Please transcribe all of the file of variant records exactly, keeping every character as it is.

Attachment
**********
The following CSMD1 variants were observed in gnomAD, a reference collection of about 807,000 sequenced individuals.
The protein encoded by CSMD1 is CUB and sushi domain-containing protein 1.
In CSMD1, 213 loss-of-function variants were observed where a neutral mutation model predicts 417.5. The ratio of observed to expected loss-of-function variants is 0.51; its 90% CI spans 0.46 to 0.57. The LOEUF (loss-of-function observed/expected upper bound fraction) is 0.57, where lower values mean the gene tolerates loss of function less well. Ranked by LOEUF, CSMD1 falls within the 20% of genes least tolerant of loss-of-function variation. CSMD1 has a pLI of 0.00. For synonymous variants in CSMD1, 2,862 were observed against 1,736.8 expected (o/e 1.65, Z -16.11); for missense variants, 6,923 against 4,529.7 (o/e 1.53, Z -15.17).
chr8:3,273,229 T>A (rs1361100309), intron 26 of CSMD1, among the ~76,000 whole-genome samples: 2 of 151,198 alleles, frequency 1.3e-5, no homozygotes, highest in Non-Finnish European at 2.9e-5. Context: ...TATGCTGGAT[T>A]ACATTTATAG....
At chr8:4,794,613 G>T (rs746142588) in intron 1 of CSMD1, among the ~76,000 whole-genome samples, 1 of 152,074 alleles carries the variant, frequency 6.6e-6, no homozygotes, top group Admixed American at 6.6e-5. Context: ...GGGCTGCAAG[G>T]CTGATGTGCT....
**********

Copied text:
The following CSMD1 variants were observed in gnomAD, a reference collection of about 807,000 sequenced individuals.
The protein encoded by CSMD1 is CUB and sushi domain-containing protein 1.
In CSMD1, 213 loss-of-function variants were observed where a neutral mutation model predicts 417.5. The ratio of observed to expected loss-of-function variants is 0.51; its 90% CI spans 0.46 to 0.57. The LOEUF (loss-of-function observed/expected upper bound fraction) is 0.57, where lower values mean the gene tolerates loss of function less well. Ranked by LOEUF, CSMD1 falls within the 20% of genes least tolerant of loss-of-function variation. CSMD1 has a pLI of 0.00. For synonymous variants in CSMD1, 2,862 were observed against 1,736.8 expected (o/e 1.65, Z -16.11); for missense variants, 6,923 against 4,529.7 (o/e 1.53, Z -15.17).
chr8:3,273,229 T>A (rs1361100309), intron 26 of CSMD1, among the ~76,000 whole-genome samples: 2 of 151,198 alleles, frequency 1.3e-5, no homozygotes, highest in Non-Finnish European at 2.9e-5. Context: ...TATGCTGGAT[T>A]ACATTTATAG....
At chr8:4,794,613 G>T (rs746142588) in intron 1 of CSMD1, among the ~76,000 whole-genome samples, 1 of 152,074 alleles carries the variant, frequency 6.6e-6, no homozygotes, top group Admixed American at 6.6e-5. Context: ...GGGCTGCAAG[G>T]CTGATGTGCT....